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Note: I’ve had this in the hopper for a few weeks, but after Bethany Mandel published My Top Parenting Pet Peeve, I figured why not hit publish?
Despite the social discord wrought by the Vietnam War, civil rights movement (an obvious good), and the loud-mouthed hippies who traveled the world seeking the ruin of standards of decency; the 1960s were a pretty good time to be a kid. In those days; which weren’t idyllic, but were halcyon compared to the present age of discontent, children had many venues in which to learn. There was a fair amount of competition among the schools; particularly parochial versus public, which motivated all teachers to perform well. The nuns of Holy Rosary School, where I came of age, taught both the three Rs, and truths of eternal importance: Our lives are not our own but belong to God. We were to know, love and serve Him this life by doing good and avoiding evil, and thereby live with Him forever in heaven. It’s been fifty years since my last catechism class, but that lesson is permanently fixed in my mind.
There were many other less formal centers of learning as well.
Back then families tended to be large. My folks had the six of us, but we were a relatively small brood compared to my aunt and uncles’ crew of eleven. Many homes were filled with eight, ten, even fourteen kids. This was sometimes true of Protestant as well as Catholic homes. Large families were a principle center of learning, not just to instill good manners and a healthy fear of the Lord and His adult enforcers, but also because kids had no choice but to learn how to compromise, sacrifice for the greater good, and treat siblings as if they were equals in the distribution of wealth and attention. Marxism’s second premise was, in a certain sense, confirmed in large families—to each according to his needs, within the restrictions imposed by the overall resources and events of the household. In the families of those days, equality was understood as equality of love informed by day-to-day exigencies.
The skills learned at home were carried out into the world at large. My neighborhood was home to countless numbers of children, each of whom was considered a friend, and all of whom were welcome in our play. Our games were an exercise in negotiation and compromise. We would play “Army,” divvying up the bad guys from the good guys. No one wanted to be a German soldier, but the battles required a villain, so we took turns or flipped a coin to set up the ranks. In football, we accommodated the unskilled, often by choosing them first to spare them embarrassment (had it been otherwise I’d have spent most of my childhood red-faced). When the sides were uneven players would switch teams, playing one down on offense, then over to the other team for defense. I don’t know how the girls handled things, but among the boys, the unstated rule was “whatever makes things work for everybody.” We learned that we were not only to hone our skills but to rend our hearts to the advantage of others.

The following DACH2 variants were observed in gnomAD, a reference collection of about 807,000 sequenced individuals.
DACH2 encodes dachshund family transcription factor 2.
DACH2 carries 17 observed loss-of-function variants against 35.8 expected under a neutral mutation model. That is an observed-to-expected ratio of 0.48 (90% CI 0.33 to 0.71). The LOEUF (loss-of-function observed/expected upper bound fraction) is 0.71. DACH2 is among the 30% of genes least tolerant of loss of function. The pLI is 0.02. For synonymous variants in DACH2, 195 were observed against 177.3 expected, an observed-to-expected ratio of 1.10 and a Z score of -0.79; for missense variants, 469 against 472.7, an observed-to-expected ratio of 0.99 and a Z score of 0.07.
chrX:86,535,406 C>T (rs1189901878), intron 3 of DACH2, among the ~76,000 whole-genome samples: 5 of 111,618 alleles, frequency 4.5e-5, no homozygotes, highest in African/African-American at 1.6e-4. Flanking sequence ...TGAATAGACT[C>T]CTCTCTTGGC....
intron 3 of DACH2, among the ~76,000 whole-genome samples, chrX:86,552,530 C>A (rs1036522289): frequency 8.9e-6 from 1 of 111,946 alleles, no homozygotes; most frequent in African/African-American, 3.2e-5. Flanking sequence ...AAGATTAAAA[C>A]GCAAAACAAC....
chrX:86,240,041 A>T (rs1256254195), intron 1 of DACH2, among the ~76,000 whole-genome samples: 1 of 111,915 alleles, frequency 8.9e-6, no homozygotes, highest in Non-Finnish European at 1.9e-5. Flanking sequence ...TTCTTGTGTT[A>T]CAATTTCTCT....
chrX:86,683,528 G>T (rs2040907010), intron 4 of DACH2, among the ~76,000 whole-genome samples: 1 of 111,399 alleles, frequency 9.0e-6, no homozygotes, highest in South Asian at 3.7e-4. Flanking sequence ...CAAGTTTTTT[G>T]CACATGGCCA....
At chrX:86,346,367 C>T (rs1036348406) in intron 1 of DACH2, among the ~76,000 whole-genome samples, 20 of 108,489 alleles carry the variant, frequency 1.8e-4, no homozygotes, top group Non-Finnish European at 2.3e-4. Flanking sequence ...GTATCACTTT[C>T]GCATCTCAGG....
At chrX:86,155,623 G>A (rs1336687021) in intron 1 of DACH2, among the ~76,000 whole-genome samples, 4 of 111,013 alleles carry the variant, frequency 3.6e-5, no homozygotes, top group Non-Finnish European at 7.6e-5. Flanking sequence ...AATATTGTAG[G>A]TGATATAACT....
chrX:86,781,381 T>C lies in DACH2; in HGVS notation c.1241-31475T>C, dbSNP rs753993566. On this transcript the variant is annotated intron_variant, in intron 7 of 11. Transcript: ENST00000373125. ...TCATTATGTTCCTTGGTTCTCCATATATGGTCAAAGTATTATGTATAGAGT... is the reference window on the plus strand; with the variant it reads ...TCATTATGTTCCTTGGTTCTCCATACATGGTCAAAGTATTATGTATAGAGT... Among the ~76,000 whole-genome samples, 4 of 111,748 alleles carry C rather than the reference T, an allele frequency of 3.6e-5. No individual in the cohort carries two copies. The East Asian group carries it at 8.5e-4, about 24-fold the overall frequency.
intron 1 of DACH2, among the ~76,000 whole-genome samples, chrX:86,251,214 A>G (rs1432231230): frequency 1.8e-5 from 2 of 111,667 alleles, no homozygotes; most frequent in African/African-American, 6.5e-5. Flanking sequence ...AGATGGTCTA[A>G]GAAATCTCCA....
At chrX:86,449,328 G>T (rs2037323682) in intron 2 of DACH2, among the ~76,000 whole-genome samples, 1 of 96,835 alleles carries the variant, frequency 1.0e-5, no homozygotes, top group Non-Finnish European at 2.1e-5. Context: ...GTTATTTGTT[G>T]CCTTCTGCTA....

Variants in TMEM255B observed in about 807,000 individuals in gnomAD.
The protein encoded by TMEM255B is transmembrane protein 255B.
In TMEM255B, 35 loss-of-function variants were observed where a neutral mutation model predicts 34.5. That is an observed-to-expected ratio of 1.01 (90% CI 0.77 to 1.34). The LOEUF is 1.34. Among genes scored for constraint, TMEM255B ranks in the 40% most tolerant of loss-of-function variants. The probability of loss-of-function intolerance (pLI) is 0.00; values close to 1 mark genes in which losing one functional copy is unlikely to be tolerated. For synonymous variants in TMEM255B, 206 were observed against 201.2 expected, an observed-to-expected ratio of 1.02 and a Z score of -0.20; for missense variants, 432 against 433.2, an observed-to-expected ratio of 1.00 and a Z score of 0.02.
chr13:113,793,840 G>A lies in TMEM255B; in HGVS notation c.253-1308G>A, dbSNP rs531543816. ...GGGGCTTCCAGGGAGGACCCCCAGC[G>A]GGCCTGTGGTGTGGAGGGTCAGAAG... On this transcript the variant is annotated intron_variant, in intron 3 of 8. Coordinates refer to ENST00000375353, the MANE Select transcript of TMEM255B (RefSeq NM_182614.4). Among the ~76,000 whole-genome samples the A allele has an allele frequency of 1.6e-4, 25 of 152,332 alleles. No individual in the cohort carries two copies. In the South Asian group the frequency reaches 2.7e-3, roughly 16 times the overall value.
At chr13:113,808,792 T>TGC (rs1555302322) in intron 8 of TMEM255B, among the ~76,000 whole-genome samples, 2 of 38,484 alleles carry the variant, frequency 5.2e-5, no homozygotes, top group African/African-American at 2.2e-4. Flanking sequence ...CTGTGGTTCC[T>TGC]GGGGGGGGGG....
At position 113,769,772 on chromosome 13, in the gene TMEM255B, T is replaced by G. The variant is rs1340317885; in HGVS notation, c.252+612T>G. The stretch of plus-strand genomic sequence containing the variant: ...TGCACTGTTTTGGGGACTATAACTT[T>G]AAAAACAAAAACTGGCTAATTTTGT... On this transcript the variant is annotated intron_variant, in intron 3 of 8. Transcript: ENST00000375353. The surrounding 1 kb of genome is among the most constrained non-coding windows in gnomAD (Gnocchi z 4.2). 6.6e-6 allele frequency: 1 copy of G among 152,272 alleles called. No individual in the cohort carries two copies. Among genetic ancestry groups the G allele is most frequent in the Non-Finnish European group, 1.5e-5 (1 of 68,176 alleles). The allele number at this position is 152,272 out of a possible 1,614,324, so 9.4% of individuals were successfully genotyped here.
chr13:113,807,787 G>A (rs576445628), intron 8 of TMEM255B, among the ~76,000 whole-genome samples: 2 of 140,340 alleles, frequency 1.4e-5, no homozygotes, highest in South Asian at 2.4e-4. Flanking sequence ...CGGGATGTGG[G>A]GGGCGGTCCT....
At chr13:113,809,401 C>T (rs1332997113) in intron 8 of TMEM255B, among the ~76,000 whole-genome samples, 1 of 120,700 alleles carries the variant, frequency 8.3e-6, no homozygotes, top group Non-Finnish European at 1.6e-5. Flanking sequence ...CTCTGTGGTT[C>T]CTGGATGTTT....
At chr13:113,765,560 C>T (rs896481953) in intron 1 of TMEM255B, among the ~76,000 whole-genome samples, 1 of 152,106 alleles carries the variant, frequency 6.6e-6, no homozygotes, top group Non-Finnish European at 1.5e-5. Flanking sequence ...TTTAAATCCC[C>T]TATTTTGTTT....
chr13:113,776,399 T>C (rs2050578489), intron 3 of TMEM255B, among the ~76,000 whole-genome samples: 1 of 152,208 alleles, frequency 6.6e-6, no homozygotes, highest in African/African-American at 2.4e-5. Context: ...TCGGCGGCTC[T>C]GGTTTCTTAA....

We got in trouble together too, sometimes barely escaping with our lives.
The adults had little say in the day to day of play: That, odd is it may seem in our hyper-anxious age, was the key to making things work. We weren’t totally unsupervised; most of the adults knew who we were and were prepared to step in if we were at inordinate risk. Otherwise, we were left to our own developing devices. Life in our neighborhood was improvised chaos, but we all made it out alive and, as far as I know, nobody ever went to prison (although I do wonder about Jimmy).
There was much more at stake than survival. We were learning to negotiate the world. The only way this could work was if our parents set us pretty much free to figure things out on our own in the company of a band of fellow pupils in the school of life. We wandered freely, and through varied experiences, grew into reasonably competent adults. Most importantly, we took those skills out into a world where respect, fortitude, and compromise are mandatory virtues.
Now, sadly, those days, if not completely over, are approaching absolute entropy.
My wife and I live in a neighborhood populated by the old, the middle-aged, and young families. There’s a little park a couple of blocks away, and when we go out to walk we often stop there to abide amidst the trees and green grass. The space, unfortunately, is usually ours’ alone. No kids, or if there are any, they are always accompanied by a parent. The whole neighborhood is like that. Despite the many young families that live around us, the sight of a ten-year-old wandering alone celebrating his freedom is vanishingly rare. I can’t remember the last time I saw a group of boys playing football in the generally empty streets, getting up a sandlot baseball game, or just hanging out with slingshots in their back pockets–things we did without much thought. Now, if kids are strolling through our current neighborhood an adult is always leading the pack. Free children are a rare breed around these parts.